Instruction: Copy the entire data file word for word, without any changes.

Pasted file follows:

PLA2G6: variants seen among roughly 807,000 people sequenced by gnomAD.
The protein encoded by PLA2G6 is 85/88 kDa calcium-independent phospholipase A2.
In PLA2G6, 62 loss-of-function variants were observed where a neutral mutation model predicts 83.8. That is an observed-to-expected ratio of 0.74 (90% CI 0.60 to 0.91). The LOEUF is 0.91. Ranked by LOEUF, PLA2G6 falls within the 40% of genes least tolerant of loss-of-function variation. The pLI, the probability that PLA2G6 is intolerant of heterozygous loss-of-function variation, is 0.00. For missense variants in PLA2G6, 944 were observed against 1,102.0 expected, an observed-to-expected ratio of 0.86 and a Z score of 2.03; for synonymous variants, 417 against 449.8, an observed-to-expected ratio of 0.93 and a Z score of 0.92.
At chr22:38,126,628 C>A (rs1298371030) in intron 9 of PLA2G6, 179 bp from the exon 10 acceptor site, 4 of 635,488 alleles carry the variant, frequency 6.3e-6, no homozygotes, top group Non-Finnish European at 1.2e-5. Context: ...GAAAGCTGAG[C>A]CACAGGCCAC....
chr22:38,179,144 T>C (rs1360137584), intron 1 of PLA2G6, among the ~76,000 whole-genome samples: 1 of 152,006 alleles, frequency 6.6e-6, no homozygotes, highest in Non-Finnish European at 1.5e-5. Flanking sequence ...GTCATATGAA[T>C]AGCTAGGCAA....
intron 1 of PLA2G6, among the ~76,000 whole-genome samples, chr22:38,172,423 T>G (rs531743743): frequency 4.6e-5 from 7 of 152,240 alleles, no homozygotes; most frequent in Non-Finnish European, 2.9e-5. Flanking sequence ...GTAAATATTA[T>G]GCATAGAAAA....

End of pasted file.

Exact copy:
PLA2G6: variants seen among roughly 807,000 people sequenced by gnomAD.
The protein encoded by PLA2G6 is 85/88 kDa calcium-independent phospholipase A2.
In PLA2G6, 62 loss-of-function variants were observed where a neutral mutation model predicts 83.8. That is an observed-to-expected ratio of 0.74 (90% CI 0.60 to 0.91). The LOEUF is 0.91. Ranked by LOEUF, PLA2G6 falls within the 40% of genes least tolerant of loss-of-function variation. The pLI, the probability that PLA2G6 is intolerant of heterozygous loss-of-function variation, is 0.00. For missense variants in PLA2G6, 944 were observed against 1,102.0 expected, an observed-to-expected ratio of 0.86 and a Z score of 2.03; for synonymous variants, 417 against 449.8, an observed-to-expected ratio of 0.93 and a Z score of 0.92.
At chr22:38,126,628 C>A (rs1298371030) in intron 9 of PLA2G6, 179 bp from the exon 10 acceptor site, 4 of 635,488 alleles carry the variant, frequency 6.3e-6, no homozygotes, top group Non-Finnish European at 1.2e-5. Context: ...GAAAGCTGAG[C>A]CACAGGCCAC....
chr22:38,179,144 T>C (rs1360137584), intron 1 of PLA2G6, among the ~76,000 whole-genome samples: 1 of 152,006 alleles, frequency 6.6e-6, no homozygotes, highest in Non-Finnish European at 1.5e-5. Flanking sequence ...GTCATATGAA[T>C]AGCTAGGCAA....
intron 1 of PLA2G6, among the ~76,000 whole-genome samples, chr22:38,172,423 T>G (rs531743743): frequency 4.6e-5 from 7 of 152,240 alleles, no homozygotes; most frequent in Non-Finnish European, 2.9e-5. Flanking sequence ...GTAAATATTA[T>G]GCATAGAAAA....